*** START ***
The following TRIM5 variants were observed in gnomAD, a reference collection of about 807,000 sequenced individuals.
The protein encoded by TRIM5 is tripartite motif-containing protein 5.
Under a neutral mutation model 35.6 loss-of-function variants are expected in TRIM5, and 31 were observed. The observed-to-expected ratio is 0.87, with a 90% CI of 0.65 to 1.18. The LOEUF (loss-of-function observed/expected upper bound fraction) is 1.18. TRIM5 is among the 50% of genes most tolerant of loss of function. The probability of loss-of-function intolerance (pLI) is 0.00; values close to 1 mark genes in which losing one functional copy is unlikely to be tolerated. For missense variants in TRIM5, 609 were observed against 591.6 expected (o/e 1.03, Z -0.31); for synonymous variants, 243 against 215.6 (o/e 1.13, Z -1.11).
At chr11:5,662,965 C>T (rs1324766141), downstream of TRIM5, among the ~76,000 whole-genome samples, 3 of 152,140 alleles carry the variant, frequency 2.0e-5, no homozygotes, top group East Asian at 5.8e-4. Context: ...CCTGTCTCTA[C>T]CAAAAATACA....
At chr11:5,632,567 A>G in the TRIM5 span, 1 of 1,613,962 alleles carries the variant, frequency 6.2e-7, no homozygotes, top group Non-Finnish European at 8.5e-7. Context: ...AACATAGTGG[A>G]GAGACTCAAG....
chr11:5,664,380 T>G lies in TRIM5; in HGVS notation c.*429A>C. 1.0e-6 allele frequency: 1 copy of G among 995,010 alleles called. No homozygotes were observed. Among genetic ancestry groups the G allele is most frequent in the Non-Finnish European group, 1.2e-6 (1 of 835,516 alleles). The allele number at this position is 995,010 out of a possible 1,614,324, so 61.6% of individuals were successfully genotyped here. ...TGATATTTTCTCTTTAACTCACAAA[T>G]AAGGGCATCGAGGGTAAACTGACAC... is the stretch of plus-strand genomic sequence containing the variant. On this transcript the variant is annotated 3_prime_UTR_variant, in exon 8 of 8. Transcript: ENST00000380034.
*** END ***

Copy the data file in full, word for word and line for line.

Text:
The following TRIM5 variants were observed in gnomAD, a reference collection of about 807,000 sequenced individuals.
The protein encoded by TRIM5 is tripartite motif-containing protein 5.
Under a neutral mutation model 35.6 loss-of-function variants are expected in TRIM5, and 31 were observed. The observed-to-expected ratio is 0.87, with a 90% CI of 0.65 to 1.18. The LOEUF (loss-of-function observed/expected upper bound fraction) is 1.18. TRIM5 is among the 50% of genes most tolerant of loss of function. The probability of loss-of-function intolerance (pLI) is 0.00; values close to 1 mark genes in which losing one functional copy is unlikely to be tolerated. For missense variants in TRIM5, 609 were observed against 591.6 expected (o/e 1.03, Z -0.31); for synonymous variants, 243 against 215.6 (o/e 1.13, Z -1.11).
At chr11:5,662,965 C>T (rs1324766141), downstream of TRIM5, among the ~76,000 whole-genome samples, 3 of 152,140 alleles carry the variant, frequency 2.0e-5, no homozygotes, top group East Asian at 5.8e-4. Context: ...CCTGTCTCTA[C>T]CAAAAATACA....
At chr11:5,632,567 A>G in the TRIM5 span, 1 of 1,613,962 alleles carries the variant, frequency 6.2e-7, no homozygotes, top group Non-Finnish European at 8.5e-7. Context: ...AACATAGTGG[A>G]GAGACTCAAG....
chr11:5,664,380 T>G lies in TRIM5; in HGVS notation c.*429A>C. 1.0e-6 allele frequency: 1 copy of G among 995,010 alleles called. No homozygotes were observed. Among genetic ancestry groups the G allele is most frequent in the Non-Finnish European group, 1.2e-6 (1 of 835,516 alleles). The allele number at this position is 995,010 out of a possible 1,614,324, so 61.6% of individuals were successfully genotyped here. ...TGATATTTTCTCTTTAACTCACAAA[T>G]AAGGGCATCGAGGGTAAACTGACAC... is the stretch of plus-strand genomic sequence containing the variant. On this transcript the variant is annotated 3_prime_UTR_variant, in exon 8 of 8. Transcript: ENST00000380034.